(Originally written for deafsparrow.com)
I have little experience in black metal as a whole, let alone the US scene. Besides Woman is the Earth I know only Wolves in the Throne room and Christ Beheaded but I'm not familiar with ether band, nor am I well versed in ether of their musical escapades. WITE is NOT like Wolves... as one might think, sure they may share the same intense interest for nature as WINTR and maybe they have taken some influence from them but it is minute at best. I like how the homemade digi pack sent by the band came tied with straw along with a small poster that was tucked away above the case in the envelope; it was something I did not expect from a self-release from the band themselves.
The music was another pleasant surprise, I had expected something much less than what was presented. The riffs here are great and all four songs presented here are full of them, much more than the production can handle at times. The riffs themselves are far more expressive than I had hopped; the atmosphere they project is uncanny and renders the keyboards useless. Quite a bit of the riffs featured here are trembo picked save a few spurts of black/thrash (around the 3:10 mark of 'Bird Song' an epic black Viking riff rears its head) and several instances of clean guitar (such as a brief moment on the title track). The prospect of long songs (10+) is usually a bit more than most can handle, mostly due to the fact that in the face of repetition most riffs fold after two or three times; but here the riffs never lose their effectiveness or become tired or boring they only thrive here.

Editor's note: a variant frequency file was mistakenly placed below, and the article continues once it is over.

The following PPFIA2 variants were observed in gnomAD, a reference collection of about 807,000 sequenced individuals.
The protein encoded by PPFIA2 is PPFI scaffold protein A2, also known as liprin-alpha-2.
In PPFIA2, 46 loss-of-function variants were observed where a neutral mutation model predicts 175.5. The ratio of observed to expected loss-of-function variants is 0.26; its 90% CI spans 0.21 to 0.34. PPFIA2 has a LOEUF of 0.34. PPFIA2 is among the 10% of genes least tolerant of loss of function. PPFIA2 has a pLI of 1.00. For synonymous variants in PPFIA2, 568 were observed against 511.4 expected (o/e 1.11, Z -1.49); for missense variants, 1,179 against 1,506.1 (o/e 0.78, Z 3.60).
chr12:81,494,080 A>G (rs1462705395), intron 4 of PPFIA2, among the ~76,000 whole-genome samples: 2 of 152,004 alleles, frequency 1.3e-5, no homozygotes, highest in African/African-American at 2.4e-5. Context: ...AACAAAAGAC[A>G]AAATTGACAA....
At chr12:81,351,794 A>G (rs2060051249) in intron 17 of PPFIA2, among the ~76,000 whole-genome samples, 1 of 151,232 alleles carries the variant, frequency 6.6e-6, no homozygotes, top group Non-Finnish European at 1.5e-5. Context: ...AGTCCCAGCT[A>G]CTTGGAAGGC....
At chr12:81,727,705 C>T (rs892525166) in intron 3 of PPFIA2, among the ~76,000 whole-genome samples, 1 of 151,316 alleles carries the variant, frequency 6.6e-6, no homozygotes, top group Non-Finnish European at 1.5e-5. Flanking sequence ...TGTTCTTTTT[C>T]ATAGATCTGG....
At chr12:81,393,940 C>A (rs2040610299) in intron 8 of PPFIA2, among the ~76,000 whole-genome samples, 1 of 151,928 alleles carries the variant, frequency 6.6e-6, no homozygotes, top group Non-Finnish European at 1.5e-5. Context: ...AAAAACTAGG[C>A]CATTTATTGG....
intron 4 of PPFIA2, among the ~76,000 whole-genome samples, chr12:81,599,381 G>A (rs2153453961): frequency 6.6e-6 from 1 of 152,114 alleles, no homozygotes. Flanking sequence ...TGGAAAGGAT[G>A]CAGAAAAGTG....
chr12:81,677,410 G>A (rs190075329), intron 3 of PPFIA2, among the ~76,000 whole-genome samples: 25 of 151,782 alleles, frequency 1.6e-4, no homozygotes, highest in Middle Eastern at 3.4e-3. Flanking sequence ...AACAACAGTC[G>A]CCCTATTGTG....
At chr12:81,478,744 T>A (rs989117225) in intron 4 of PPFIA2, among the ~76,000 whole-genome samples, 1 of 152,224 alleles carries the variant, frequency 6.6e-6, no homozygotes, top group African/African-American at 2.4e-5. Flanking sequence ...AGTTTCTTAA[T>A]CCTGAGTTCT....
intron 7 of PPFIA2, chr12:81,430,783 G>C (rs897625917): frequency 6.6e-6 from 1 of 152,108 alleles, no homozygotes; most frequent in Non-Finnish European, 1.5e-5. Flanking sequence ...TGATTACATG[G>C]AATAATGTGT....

However this is an album with several faults that impact the album rather negatively, the production is the elephant in the room when concerning this. It favors the guitars over the drums and vocals (whenever the drums try to speed up they become muffled and nearly impossible to hear; think the effect of the productions on Vital Remain's Forever Underground drums whenever they would perform a blast beat, but more universal) this does apply more to the first two songs rather than the final two, however the drums and vocals are still muffled slightly. The vocals are hit the worse, they are pushed to the very back and while this does not present a problem for their audibility; sense they are nothing more than screams and moans, if they were to do anything else they would be completely overtaken by the rest of the recording. The ambiance is another, it is spread across the four tracks sometimes in the middle, beginning or end depending on the composition. While it will occasionally go well with some clean guitar parts, their introducing the distorted rhythms renders the purpose of the ambiance useless.
All in all this was a fantastic experience despite any hindrances the production may have inflicted; the recordings presented here have met my expectations and exceeded them with incredible ease. This is most certainly one of the most atmospheric and incredible releases I had even had the fortune to hear. While I don't expect another from Woman is the Earth anytime soon (there is a three year discrepancy between their first full length and this one) I more then look forward to their next. Recommended to anyone who enjoys long song with eminence atmosphere, Wolves of the Throne Room fans may find something of interest here as well. Enjoy.